How-To and Review: Husky Wheel Well Liners for 2015+ Ford F-150

2015-ford-f-150-husky-wheel-well-liners-installedSomething I noticed on my 2011 F-150, as well as the current one, is the unfinished look of the rear wheel wells.  You can see half-painted metal, as well as shocks and the underside of the bed… all things I think ought to be covered, especially on a truck whose MSRP was close to $60,000.  Recently, I saw a deal online, so I snagged a set of Husky’s Wheel Well Liners.  Continue reading to see how to install them, what issues I had, and how the truck looks after the install.

My last truck didn’t have wheel well liners, and while it was an aesthetic misstep by Ford to not include them (I checked, and GMC doesn’t include them as standard on their Sierra pickup truck), I never noticed from behind the wheel.  Not so on the new truck, with its aluminum bed.  Driving last winter in salt, snow and ice, it sounded like a heavy rain was falling on a tin roof.  So I’ve been patiently waiting on a sale for the Ford or Husky liners, and recently the Husky ones went on sale.

They showed up nicely packaged, along with the hardware to install them and printed instructions.  Overall, the install wasn’t too difficult, although I had some fitment issues on the passenger-side liner (more on that later).

Step 1: Clean and prep

husky-wheel-well-liner-package-contents-and-wash-bucketThe first thing you should do is remove grit and grime from the wheel well.  I’m sure some water and material will get back there, but why not get the dirt out that you can, while you still have easy access?

Next, install two of the supplied clips on each side, as shown.  The clips have a flat side and a protruding side – install them so the flat side faces you.  Simply push the clips up and they’ll snap into place.

Step 2: Line up the liners

2015-ford-f-150-wheel-well-liner-1Squeeze the sides of the liner a little bit, bowing the center out, and slide into the wheel well, like in the picture.  Depending on the ambient temperature, this may be more or less difficult.  If it’s cold out or the plastic doesn’t want to bend, use a hair dryer to soften it up.

Step 3: Install the liners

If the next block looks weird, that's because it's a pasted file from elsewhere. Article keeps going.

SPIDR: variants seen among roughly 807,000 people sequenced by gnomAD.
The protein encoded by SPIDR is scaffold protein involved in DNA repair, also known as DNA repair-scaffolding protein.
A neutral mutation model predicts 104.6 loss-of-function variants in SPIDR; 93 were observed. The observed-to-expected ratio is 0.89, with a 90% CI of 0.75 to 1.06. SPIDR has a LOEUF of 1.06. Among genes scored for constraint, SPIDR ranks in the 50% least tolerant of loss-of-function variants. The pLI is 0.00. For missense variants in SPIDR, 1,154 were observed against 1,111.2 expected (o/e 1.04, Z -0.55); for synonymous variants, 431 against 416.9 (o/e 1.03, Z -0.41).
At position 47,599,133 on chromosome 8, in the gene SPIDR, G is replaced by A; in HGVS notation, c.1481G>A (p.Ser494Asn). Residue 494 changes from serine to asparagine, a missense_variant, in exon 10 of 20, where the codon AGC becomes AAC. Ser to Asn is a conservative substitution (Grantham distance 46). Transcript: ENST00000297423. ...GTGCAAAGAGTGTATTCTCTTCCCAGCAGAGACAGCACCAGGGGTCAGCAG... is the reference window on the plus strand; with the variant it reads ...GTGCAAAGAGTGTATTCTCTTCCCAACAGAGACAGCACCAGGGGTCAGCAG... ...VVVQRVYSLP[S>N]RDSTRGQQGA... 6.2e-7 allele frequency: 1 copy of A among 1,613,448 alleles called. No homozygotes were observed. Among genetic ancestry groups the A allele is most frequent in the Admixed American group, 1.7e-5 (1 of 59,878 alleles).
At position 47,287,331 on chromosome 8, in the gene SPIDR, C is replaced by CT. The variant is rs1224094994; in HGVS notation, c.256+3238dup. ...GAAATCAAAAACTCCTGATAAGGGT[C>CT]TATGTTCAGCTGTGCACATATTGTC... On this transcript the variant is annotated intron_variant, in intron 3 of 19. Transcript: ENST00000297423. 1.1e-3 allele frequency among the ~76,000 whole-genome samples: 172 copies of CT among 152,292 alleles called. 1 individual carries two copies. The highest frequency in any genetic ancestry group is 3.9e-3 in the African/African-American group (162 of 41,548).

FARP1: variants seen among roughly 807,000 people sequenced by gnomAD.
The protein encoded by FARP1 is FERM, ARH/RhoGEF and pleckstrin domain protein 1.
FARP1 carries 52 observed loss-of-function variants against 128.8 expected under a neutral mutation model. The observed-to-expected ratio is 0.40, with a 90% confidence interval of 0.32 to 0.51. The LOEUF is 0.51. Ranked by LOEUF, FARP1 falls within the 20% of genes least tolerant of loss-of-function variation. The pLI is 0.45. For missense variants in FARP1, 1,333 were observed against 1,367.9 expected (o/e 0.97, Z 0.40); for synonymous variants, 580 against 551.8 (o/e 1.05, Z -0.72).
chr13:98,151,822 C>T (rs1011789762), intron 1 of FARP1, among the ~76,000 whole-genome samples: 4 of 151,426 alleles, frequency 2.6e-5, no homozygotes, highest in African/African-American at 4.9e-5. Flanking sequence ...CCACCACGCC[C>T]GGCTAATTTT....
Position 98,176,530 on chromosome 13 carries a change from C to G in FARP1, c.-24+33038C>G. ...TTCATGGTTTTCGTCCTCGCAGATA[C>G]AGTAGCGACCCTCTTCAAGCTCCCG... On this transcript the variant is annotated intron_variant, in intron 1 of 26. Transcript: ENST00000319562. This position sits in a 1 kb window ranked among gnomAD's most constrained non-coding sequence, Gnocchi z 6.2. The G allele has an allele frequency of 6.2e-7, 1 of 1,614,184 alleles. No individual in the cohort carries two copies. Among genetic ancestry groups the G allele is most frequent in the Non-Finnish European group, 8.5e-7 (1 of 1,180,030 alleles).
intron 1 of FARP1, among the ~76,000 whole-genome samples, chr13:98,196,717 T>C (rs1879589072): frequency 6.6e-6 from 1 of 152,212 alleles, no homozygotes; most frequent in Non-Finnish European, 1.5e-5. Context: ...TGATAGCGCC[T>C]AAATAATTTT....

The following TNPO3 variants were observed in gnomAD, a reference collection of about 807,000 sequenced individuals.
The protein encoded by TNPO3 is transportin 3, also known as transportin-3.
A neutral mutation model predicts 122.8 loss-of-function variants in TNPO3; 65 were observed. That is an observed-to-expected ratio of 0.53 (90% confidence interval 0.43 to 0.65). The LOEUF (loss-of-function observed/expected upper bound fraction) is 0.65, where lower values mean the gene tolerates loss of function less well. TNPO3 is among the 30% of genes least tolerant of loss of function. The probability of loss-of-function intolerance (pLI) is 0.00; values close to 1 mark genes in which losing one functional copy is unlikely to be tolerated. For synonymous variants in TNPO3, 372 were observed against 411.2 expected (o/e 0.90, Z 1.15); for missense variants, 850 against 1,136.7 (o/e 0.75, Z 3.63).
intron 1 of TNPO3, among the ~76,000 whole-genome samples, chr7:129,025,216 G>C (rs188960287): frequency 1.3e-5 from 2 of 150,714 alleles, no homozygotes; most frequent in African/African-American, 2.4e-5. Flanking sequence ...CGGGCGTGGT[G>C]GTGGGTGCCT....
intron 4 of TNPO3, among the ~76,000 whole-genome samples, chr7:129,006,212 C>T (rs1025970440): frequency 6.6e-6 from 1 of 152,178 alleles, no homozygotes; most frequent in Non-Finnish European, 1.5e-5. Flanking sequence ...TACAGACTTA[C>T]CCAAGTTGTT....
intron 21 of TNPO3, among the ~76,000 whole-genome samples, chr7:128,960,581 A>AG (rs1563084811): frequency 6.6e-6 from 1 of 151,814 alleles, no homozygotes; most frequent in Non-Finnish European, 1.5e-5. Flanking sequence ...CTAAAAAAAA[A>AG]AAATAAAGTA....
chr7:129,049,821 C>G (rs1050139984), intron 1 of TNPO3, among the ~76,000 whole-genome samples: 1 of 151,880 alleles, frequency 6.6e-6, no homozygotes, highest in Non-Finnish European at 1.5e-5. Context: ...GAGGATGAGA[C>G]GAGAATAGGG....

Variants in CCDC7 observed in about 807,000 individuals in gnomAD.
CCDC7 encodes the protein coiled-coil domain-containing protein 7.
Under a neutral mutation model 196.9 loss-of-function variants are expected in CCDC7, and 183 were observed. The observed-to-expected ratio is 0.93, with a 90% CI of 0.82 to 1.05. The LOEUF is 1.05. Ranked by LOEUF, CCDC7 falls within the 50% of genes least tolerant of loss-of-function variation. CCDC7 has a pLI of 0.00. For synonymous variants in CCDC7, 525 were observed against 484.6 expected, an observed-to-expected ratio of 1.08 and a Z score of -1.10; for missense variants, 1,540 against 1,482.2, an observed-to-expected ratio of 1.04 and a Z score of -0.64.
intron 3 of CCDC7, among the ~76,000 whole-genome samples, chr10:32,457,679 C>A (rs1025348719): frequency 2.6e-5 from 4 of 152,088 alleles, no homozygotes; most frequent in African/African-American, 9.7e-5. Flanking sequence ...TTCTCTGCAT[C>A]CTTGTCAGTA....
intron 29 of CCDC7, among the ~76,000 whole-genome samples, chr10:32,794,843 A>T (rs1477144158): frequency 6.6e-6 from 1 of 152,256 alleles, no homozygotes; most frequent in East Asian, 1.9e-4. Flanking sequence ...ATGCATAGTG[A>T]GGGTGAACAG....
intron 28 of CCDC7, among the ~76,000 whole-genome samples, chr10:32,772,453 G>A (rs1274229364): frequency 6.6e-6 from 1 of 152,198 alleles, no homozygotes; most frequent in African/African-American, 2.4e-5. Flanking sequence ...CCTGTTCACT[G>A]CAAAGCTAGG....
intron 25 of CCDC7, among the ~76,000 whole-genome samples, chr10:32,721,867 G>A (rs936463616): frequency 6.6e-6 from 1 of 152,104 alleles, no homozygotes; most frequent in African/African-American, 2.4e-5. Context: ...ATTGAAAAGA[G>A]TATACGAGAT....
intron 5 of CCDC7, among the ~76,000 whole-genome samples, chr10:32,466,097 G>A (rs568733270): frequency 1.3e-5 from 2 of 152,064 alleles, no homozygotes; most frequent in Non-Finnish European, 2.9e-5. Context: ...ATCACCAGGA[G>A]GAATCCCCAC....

2015-ford-f-150-stock-wheel-wellThis is where I diverged from the printed instructions, due to fitment issues of the passenger-side liner.  The instructions want you to start by pushing or snapping the liner into the wheel well arches, and then install the 4 required screws, which go into pre-drilled holes in the liner and truck bed.  This worked OK for the driver’s side, but on the passenger side, once the liner was in the wheel arch, the two middle holes didn’t line up at all.  It could’ve been a mistake on Husky’s part, or the holes were drilled wrong at Ford.  I’ll never know, but taking the liner back out and starting the two middle screws before pushing the liner into the wheel arch solved that problem.

The ends of each liner will take some, uh, convincing to get them into the fender flares and lined up with the existing holes, but once in, these things won’t be going anywhere.

With the liner in place and all 4 screws started, finish tightening them down.  Make sure the liner’s edge is in the wheel arch from front to back, stand back, and enjoy how much nicer the back of the truck looks.

A note about the 4 screws used to install each liner: make sure you have a short-handled screwdriver, as it’s a tight fit between the tire and liner.  If you’ve got the space and equipment, you can take the rear wheels off to do the install, but it’s not necessary, as I have proven.  I used a bit-in-a-socket-on-an-extension to tighten the front and back screws on each liner.


2015-ford-f-150-husky-wheel-well-liners-installedSo this review may be a little premature, but here’s my initial impressions (if you pay attention to my Owner’s log posts, you’ll probably see a blurb in the next one or two about how they hold up over the winter):

Fit and finish is OK.  The driver’s side liner fits better than the passenger side one, and was easier to install.  The passenger-side liner doesn’t quite fit in the wheel arch, so we’ll see if anything collects in there.  I’ll give it a good rinse after salt or mud and see what comes out.  I’m not worried about rust (yay, aluminum!), but salt can still corrode.

Installation was OK, but the fitment issues on the right side gave me, ahem, fits.

As for sound deadening, which is one of the main factors I installed these, time will tell.



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